Here, I don’t think it’s ugly = “I think it’s beautiful in meaning. Both of these statements contradict what Speaker 1 said but the second, positive statement is more emphatic than the first, negative statement.

It is possible for Speaker 2 to simply answer, On the contrary, I think it’s quite beautiful.” but the usual usage is to first  contradict what the other person said.


In usage b), the form of the statement is this: negative statement + "On the contrary" + positive statement.

And, the negative statement = the positive statement in meaning.

The meaning of  On the contrary” here is similar to saying, “in fact”, “as a matter of fact” or “actually”.

In both usage a) and usage b), “On the contrary” is used when talking (or writing) about two ideas (facts, opinions, beliefs or feelings) that are 180° in opposition to each other.  


In the following example, the speaker or writer first makes a negative statement, “would not fail.” 

“Eventually, I came to believe that I wouldn’t fail. On the contrary, I became convinced that I would succeed very well.” 

This could either be a written statement or a spoken statement. It either case, it has a rather literary (文学的) or formal tone. The statement is similar to correcting or contradicting another person where, in this case, the "other person" is the speaker or writer himself and his earlier feelings about his own success. That is, originally this person believed, "I might fail" then he changed to have confidence that he would not fail.


The following example is similar to the one above in structure. However, although the use of, “On the contrary” here is acceptable it would be more suitable to use, “in fact” or, “as a matter of fact” because the speaker or writer is not correcting or contradicting another person but instead, is simply writing a description of the cost of houses in Beijing, a description that begins with a negative statement.

A house with a garden in Beijing is not cheap. On the contrary, a house with a garden in Beijing is very expensive. 

On the other hand, the following example of usage a) is suitable because Speaker 2 is correcting Speaker 1.

Speaker 1: “I was told that a house with a garden in Beijing was quite cheap.”

Speaker 2: “On the contrary, a house with a garden in Beijing is very expensive.”  


Advice about using, "On the contrary" in the Writing test

In general, I think most IELTS candidates should be careful about using On the contraryin the Writing test. In fact, it would be better to use alternative ways to express yourself, such as, in fact” or, “as a matter of fact”. “On the contrary” is mostly used in speaking (usage a) and its use in writing (usage b) can sometimes have a tone that is unnecessarily formal or literary. Not only that, when you use the words, "On the contrary", you should be contradicting or correcting someone. In the writing test, this "someone" would usually be "some people" who believe or state a certain opinion, which you feel you can prove to be erroneous.


5. Concession  (concede (v): 承认某事属实,有效,合理等)

(These examples of concession are often followed by a counter argument (反论点) beginning with 'but' or some similar word or phrase.)

These beginning words can be used to concede that the other speaker is correct.

Of course; Admittedly; Naturally; Obviously; Clearly; Undeniably; Undoubtedly


Of course, there’s always an exception to the rule but, in general, I still stand by what I said.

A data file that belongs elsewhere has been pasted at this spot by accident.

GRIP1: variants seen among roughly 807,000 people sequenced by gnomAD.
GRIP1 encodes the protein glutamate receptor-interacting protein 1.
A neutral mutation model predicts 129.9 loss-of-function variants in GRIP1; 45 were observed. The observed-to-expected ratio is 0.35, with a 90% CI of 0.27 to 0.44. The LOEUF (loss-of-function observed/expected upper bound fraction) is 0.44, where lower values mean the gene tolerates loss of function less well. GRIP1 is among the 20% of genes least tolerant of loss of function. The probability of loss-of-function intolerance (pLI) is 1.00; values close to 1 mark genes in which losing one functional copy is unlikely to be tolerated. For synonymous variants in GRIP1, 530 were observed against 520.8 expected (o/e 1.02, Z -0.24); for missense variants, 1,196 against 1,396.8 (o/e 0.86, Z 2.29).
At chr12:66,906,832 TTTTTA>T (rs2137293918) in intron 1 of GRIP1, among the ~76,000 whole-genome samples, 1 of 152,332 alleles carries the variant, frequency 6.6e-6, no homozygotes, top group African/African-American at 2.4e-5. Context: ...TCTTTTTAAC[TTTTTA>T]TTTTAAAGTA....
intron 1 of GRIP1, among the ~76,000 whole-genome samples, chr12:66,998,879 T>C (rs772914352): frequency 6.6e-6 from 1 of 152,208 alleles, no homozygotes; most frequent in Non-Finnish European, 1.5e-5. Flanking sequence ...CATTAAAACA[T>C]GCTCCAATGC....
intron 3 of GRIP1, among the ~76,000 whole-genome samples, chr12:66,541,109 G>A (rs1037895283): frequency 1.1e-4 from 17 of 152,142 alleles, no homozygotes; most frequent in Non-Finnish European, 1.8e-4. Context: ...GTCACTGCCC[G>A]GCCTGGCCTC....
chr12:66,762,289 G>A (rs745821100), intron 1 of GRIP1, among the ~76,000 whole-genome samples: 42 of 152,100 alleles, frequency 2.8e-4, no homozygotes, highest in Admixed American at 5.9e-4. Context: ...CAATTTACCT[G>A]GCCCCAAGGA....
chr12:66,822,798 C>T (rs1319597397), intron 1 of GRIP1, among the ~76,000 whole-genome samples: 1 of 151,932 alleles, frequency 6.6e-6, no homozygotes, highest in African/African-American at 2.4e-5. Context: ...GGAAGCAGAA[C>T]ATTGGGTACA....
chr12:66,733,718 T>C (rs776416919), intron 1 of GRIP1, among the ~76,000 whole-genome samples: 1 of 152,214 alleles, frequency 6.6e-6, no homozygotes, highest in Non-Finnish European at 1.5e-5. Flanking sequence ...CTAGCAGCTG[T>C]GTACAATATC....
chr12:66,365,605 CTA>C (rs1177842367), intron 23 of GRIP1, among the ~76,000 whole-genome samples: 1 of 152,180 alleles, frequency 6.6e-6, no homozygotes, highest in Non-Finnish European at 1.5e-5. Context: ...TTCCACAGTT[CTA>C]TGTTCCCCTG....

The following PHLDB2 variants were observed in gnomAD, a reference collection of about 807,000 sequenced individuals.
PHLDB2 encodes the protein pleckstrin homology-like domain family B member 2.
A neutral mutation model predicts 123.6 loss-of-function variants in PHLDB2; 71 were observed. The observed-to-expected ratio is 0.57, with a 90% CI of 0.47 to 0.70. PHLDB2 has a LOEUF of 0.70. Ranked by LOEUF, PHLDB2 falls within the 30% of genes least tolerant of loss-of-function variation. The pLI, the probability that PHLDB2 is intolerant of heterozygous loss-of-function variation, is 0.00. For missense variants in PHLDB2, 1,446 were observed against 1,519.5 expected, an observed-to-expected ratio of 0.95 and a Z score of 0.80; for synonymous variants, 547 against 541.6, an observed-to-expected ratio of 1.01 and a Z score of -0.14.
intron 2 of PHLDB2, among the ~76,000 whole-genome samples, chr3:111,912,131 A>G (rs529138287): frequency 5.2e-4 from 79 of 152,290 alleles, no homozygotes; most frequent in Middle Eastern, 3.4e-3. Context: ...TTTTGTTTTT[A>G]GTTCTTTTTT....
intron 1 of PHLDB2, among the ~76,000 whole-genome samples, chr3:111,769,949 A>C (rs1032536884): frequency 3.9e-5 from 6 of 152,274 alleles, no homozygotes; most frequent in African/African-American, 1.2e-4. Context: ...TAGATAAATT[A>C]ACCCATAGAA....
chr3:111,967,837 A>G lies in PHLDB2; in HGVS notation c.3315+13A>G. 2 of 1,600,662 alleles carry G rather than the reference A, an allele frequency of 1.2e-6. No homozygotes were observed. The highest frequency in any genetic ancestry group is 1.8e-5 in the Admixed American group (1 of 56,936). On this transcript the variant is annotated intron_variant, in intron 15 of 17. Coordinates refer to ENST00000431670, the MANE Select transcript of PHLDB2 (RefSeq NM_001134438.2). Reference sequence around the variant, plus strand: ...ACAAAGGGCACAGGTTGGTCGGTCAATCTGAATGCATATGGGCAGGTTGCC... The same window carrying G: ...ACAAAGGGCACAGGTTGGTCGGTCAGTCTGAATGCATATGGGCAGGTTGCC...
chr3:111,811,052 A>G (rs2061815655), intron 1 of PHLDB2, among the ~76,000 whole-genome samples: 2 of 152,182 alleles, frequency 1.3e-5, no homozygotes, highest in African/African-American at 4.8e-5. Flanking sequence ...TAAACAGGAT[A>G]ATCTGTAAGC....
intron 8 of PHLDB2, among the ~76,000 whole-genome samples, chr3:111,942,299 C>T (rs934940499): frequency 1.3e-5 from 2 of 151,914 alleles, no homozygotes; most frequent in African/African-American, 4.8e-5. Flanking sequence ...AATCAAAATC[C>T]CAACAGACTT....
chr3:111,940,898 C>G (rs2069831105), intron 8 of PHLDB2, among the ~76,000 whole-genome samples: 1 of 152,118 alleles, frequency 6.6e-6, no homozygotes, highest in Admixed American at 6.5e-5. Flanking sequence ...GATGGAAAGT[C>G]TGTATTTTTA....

Admittedly, some people do waste money but I think the majority of people are pretty careful with their money.

Naturally, I hope to find a job that’s both interesting and well paid but, realistically, such jobs are hard to find when a person first starts working.

Obviously, there’d be fewer cars on the roads if they were much more expensive to buy.

Undoubtedly, millions of cars do produce air pollution but I’d say that the thousands of trucks that come into and leave the city during the night produce a lot of the air pollution that we see when we wake up in the morning. You only have to see the pollution produced by one dirty, old truck to know that.


6. Concession and Counter Argument 

'All the same' (see above) is another way to continue defending your opinion after conceding that the other person is not 100% wrong in his/her opinion.


Yes, I agree that some young people are spendthrifts but, all the same, the majority are not like that.  


7. Persuading (说服)

 After all  (毕竟,终究,归根结底); You have to admit


Most Chinese people about the age of twenty make their own decisions about important things in life. After all, they’re adults at that age.  


8. Dismissal of Previous Discourse (否定前话语)

 (See also ‘besides’ in 9. Adding, below.)


Anyway = Anyhow (无论如何) = At any rate (无论如何, 不管怎样) = In any case (无论如何, 总之)

Anyway, I eventually got there and nobody noticed that I was late! (After telling a story about being late.)


At least (反正, 无论如何) 

At least I got there before the main part of the ceremony. (After telling a story about being late.) (Notice no comma used after, ‘At least’)


9. Adding; Giving More Details

As well as that (= Not only that) (informal; good for speaking)

Art classes for, say, primary school children encourage the development of the imagination, creativity and self-expression. As well as that, these art classes provide an opportunity for those who have special artistic talent to become aware of this talent; they might never have known they had this talent if they had never had the opportunity to attend an art class.


On top of that (informal; good for speaking)

Well, firstly, emails are much faster and cheaper than handwritten letters. On top of that, they’re much more convenient you can read or write emails with just a few strokes of the keyboard, without worrying about paper, envelopes and stamps and going out to mail your letters.


Another thing is

I think the latest video technology is in many ways superior to books in educational value because this technology has written words but also has information in audio and video form. Another thing is, it’s easier to store and carry around a disc than a book that holds the same amount of information.